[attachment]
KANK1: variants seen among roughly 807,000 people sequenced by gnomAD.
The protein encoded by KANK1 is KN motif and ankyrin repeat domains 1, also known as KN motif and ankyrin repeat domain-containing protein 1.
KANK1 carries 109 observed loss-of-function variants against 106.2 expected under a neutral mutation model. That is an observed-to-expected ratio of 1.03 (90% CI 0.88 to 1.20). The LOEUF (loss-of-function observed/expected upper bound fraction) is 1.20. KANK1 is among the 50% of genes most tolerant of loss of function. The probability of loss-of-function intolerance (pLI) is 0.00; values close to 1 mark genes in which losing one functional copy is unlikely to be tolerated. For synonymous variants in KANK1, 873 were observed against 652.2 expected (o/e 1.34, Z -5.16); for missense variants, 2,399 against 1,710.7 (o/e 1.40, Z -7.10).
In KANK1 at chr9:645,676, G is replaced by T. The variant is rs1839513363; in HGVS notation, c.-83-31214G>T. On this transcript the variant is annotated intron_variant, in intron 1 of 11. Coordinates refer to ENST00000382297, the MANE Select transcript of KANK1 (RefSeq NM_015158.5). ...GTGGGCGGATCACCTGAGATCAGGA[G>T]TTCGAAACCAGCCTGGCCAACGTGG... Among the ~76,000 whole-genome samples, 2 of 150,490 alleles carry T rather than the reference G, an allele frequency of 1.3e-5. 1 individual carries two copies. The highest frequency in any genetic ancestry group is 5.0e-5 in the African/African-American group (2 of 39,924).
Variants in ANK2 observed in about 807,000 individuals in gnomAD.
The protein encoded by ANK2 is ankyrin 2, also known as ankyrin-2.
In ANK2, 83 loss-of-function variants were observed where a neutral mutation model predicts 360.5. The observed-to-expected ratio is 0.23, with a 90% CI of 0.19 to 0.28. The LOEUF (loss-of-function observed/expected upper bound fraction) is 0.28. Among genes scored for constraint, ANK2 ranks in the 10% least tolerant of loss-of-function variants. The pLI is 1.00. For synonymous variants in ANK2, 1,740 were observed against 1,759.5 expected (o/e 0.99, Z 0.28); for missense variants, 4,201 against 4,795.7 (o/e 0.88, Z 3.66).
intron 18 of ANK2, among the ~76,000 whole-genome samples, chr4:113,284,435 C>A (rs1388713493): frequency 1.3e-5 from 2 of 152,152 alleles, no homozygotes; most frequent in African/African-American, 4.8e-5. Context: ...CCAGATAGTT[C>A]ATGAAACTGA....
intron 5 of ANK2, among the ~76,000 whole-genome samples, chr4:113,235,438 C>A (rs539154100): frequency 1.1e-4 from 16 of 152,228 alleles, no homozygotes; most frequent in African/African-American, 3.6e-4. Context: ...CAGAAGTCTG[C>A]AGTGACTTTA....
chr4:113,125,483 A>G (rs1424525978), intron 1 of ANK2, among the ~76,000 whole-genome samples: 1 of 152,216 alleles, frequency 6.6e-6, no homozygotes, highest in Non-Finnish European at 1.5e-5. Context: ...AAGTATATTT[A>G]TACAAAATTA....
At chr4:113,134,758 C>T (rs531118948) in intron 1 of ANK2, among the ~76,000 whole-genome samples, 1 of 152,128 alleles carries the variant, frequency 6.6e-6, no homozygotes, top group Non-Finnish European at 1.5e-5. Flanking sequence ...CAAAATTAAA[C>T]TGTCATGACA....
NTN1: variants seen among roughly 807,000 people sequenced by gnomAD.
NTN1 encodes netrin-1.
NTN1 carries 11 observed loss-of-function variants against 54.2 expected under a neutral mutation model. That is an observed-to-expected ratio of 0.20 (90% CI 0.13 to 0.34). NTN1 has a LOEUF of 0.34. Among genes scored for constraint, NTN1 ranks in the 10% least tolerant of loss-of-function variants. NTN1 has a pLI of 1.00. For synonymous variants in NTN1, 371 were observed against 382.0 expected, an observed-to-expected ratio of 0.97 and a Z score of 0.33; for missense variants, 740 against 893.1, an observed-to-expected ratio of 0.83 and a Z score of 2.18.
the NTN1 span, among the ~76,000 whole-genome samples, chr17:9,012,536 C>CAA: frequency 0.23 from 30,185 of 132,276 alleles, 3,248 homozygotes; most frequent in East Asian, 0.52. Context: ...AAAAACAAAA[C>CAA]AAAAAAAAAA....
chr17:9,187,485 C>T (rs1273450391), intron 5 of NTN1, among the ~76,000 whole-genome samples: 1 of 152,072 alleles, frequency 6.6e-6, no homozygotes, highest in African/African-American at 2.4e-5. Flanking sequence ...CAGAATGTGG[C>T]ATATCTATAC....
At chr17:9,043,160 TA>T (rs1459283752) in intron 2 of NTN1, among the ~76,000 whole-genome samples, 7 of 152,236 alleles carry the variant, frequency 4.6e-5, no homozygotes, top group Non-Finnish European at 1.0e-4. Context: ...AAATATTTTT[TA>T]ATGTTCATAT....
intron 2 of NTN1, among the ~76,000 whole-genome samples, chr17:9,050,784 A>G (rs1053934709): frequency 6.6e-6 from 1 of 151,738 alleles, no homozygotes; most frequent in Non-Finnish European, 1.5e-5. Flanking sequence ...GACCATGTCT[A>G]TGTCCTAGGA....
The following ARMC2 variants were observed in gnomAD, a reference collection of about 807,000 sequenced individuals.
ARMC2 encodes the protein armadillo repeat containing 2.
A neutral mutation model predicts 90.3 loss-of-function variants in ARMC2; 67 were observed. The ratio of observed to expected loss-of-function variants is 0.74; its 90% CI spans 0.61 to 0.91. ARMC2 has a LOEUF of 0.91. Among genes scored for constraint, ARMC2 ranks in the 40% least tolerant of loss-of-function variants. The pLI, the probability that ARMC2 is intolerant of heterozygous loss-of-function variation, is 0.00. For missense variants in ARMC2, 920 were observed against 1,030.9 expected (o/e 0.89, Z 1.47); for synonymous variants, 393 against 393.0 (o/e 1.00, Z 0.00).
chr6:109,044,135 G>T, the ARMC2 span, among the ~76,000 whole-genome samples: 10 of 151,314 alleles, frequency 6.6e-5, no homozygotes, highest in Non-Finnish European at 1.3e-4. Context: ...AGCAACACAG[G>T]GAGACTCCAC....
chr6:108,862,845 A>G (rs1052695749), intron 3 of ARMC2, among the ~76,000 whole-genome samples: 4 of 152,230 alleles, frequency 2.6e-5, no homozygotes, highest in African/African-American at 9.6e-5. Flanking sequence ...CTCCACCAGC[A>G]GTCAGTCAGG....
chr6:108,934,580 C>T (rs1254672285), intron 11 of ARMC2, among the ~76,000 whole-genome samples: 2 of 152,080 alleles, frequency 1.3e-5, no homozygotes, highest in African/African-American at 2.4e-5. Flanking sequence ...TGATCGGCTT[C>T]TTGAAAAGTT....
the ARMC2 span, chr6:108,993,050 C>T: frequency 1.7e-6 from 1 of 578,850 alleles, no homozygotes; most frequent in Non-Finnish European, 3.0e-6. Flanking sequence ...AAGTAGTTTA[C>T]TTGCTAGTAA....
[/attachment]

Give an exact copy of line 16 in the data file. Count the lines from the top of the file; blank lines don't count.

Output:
chr17:9,187,485 C>T (rs1273450391), intron 5 of NTN1, among the ~76,000 whole-genome samples: 1 of 152,072 alleles, frequency 6.6e-6, no homozygotes, highest in African/African-American at 2.4e-5. Flanking sequence ...CAGAATGTGG[C>T]ATATCTATAC....